My shopaholic friends would love this place, The Grand Bazaar.
I hopped on the train and headed to my next destination which was the Grand Bazaar. Even before I started researching about Istanbul, I already heard about it. Another friend who visited Istanbul a few months earlier was kind enough to lend me his travel guide book which was quite handy to carry around. The book has a map of the market, and I browsed through it prior to my trip. At that time, I was pretty confident I would do fine navigating around the area since it looked easy to figure out. But forget that!!! Coz once I was inside the Bazaar, i felt like a rat in a maze. I started making turns thinking it will lead me to where i started but no luck with that. To make the long story short, I ended up getting lost inside.
The whole place was divided into parts depending on what products they are selling. This almost reminded me of a similar place in the Philippines called Divisoria. The only difference I can think of, is that the Grand Bazaar is more organized and cleaner compared to Divisoria but the concept is still similar. And since I was lost already, I decided might as well just wander around and if I see a door that leads to the outside, I’ll just exit there. After a gazillion years, I finally saw the light at the end of the tunnel… a door out….whew…I really thought I would end up living there….which is probably not so bad since the Bazaar has everything I need to survive….ahahaha. Okay back to my dilemma….well of course with my luck, it was not the same door I came in from, so I got lost again outside! But thanks to my google map, i was able to get back to the train station.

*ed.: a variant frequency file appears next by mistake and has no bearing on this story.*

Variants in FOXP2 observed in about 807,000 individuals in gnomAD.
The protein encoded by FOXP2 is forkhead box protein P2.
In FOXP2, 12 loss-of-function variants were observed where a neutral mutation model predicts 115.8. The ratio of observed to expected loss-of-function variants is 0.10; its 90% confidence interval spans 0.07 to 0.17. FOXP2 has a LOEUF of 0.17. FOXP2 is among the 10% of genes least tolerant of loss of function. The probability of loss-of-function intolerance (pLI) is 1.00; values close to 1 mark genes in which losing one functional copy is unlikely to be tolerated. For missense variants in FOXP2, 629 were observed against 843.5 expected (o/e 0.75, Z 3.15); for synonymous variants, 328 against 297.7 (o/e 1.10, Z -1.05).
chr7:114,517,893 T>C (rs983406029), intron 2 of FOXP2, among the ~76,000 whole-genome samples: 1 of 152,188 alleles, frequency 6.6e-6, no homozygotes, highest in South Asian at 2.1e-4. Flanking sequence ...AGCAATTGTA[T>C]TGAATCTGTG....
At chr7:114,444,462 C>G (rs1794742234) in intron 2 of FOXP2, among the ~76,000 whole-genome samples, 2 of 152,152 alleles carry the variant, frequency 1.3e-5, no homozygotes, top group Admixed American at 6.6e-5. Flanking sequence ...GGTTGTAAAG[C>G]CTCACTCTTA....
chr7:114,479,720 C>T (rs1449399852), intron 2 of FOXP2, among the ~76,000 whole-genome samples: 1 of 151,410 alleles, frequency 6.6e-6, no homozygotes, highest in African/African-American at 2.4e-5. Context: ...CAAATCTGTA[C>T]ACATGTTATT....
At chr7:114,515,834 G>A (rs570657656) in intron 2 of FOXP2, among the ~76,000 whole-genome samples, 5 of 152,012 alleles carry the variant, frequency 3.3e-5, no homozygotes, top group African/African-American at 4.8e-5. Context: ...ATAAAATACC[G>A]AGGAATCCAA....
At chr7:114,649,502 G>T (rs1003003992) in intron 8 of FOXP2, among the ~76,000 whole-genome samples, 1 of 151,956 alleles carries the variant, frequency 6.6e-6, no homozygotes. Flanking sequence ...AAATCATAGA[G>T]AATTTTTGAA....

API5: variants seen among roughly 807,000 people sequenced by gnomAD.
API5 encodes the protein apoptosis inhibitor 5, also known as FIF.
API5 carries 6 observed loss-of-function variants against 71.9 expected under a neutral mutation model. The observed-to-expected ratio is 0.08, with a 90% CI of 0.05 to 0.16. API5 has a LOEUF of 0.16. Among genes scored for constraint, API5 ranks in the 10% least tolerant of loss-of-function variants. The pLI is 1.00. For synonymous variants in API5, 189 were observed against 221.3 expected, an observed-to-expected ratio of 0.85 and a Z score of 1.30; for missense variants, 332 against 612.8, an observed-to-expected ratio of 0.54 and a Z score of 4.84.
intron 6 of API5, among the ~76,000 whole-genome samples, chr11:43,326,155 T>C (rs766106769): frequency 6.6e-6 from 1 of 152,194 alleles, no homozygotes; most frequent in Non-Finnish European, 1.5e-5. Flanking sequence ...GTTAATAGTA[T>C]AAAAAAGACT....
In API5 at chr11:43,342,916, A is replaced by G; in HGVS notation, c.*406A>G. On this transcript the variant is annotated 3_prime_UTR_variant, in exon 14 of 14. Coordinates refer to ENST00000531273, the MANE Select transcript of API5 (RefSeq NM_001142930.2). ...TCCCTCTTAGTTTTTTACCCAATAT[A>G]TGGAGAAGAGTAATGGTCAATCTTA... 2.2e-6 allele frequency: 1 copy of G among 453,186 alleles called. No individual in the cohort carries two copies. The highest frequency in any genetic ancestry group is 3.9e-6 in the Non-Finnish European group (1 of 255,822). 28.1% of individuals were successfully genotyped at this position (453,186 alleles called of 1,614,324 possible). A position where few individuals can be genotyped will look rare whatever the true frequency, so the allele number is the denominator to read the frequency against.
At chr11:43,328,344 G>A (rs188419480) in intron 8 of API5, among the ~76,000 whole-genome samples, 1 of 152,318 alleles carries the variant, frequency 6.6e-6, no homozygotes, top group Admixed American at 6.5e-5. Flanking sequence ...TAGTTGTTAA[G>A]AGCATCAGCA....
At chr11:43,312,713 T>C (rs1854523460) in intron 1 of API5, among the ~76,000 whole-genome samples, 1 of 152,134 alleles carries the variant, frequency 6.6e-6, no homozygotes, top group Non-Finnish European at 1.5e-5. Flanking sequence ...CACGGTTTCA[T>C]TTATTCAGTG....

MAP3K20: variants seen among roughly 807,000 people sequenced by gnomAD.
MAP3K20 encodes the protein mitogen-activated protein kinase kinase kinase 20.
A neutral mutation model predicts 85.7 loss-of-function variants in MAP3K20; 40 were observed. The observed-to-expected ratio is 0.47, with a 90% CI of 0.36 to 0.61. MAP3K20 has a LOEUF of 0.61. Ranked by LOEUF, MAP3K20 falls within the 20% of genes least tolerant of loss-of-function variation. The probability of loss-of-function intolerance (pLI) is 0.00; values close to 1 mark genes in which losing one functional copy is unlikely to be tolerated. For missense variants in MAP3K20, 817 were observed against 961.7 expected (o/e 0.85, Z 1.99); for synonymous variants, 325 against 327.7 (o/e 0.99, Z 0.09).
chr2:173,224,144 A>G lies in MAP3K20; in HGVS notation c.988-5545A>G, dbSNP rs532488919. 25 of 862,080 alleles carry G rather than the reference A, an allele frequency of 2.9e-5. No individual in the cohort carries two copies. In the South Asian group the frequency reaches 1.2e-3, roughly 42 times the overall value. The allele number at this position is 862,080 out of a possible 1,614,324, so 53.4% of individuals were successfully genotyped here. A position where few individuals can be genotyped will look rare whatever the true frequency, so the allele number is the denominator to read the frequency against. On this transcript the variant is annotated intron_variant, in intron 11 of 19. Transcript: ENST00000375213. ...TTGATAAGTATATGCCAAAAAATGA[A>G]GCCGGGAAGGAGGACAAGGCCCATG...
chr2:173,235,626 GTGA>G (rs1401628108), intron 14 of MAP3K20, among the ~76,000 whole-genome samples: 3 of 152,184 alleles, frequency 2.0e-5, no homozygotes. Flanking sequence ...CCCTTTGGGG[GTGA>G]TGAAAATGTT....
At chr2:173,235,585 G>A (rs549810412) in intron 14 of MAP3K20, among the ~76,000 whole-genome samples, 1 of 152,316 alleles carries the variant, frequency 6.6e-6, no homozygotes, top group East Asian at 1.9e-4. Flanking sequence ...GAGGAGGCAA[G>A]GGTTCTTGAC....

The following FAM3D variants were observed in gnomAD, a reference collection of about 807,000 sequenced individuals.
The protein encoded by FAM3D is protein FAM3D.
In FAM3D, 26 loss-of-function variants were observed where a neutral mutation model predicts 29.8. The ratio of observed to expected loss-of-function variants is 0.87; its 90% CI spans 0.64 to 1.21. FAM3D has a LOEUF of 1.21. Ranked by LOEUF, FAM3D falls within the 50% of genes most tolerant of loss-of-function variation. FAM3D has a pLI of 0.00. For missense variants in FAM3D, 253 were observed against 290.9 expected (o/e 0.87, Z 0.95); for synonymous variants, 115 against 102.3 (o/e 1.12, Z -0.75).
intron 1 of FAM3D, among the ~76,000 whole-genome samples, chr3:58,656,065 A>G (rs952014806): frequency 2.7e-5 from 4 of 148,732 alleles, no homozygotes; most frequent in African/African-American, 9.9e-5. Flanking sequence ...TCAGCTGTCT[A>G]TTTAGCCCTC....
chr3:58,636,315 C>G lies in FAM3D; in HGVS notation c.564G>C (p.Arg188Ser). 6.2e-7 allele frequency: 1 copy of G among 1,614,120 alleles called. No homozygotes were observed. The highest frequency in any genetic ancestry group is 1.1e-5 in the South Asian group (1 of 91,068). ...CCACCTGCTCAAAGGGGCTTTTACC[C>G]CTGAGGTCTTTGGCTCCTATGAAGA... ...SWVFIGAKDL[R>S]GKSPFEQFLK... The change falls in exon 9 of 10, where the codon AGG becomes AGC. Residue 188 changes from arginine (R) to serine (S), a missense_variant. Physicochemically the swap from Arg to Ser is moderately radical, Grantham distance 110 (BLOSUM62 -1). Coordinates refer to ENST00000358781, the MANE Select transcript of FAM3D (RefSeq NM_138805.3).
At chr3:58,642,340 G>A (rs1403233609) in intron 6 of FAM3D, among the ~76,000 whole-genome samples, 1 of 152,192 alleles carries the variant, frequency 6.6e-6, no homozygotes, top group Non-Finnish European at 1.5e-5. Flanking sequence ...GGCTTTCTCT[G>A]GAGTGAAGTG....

At the Bazaar, I ended up just window shopping and did not purchase anything because I didn’t have much space in my carry-on luggage…which kind of sucked coz there were a lot of pretty cool and unique stuff being sold there… but hey at least I got to save a few bucks, right? And like any other marketplace, you can see and hear people trying to bargain for various merchandises. A word of advice, if you want a good deal you should definitely sharpen your bargaining skills before coming here. After becoming a little dizzy with the spices, products, jewelries etc. found inside, I felt it was time for me to relax and head to my next adventure, a Bosphorus Cruise.